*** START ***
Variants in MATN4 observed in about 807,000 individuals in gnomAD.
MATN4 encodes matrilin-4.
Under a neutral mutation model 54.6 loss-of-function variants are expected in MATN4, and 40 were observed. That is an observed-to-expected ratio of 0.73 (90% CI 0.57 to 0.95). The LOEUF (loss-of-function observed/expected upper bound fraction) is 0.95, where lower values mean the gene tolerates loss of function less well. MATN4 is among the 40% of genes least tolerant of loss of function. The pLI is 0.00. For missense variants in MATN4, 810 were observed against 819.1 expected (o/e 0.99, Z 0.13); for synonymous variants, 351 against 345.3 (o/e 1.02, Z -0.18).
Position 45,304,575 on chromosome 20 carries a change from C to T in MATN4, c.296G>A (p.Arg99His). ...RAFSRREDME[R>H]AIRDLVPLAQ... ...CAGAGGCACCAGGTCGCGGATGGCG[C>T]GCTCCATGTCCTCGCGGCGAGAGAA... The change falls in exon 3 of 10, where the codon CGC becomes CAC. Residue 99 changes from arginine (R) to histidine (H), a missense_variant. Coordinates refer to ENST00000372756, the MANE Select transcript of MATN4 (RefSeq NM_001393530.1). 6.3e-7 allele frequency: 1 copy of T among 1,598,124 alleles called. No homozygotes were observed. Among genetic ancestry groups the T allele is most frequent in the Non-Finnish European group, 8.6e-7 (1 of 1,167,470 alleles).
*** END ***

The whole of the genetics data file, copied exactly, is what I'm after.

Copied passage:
Variants in MATN4 observed in about 807,000 individuals in gnomAD.
MATN4 encodes matrilin-4.
Under a neutral mutation model 54.6 loss-of-function variants are expected in MATN4, and 40 were observed. That is an observed-to-expected ratio of 0.73 (90% CI 0.57 to 0.95). The LOEUF (loss-of-function observed/expected upper bound fraction) is 0.95, where lower values mean the gene tolerates loss of function less well. MATN4 is among the 40% of genes least tolerant of loss of function. The pLI is 0.00. For missense variants in MATN4, 810 were observed against 819.1 expected (o/e 0.99, Z 0.13); for synonymous variants, 351 against 345.3 (o/e 1.02, Z -0.18).
Position 45,304,575 on chromosome 20 carries a change from C to T in MATN4, c.296G>A (p.Arg99His). ...RAFSRREDME[R>H]AIRDLVPLAQ... ...CAGAGGCACCAGGTCGCGGATGGCG[C>T]GCTCCATGTCCTCGCGGCGAGAGAA... The change falls in exon 3 of 10, where the codon CGC becomes CAC. Residue 99 changes from arginine (R) to histidine (H), a missense_variant. Coordinates refer to ENST00000372756, the MANE Select transcript of MATN4 (RefSeq NM_001393530.1). 6.3e-7 allele frequency: 1 copy of T among 1,598,124 alleles called. No homozygotes were observed. Among genetic ancestry groups the T allele is most frequent in the Non-Finnish European group, 8.6e-7 (1 of 1,167,470 alleles).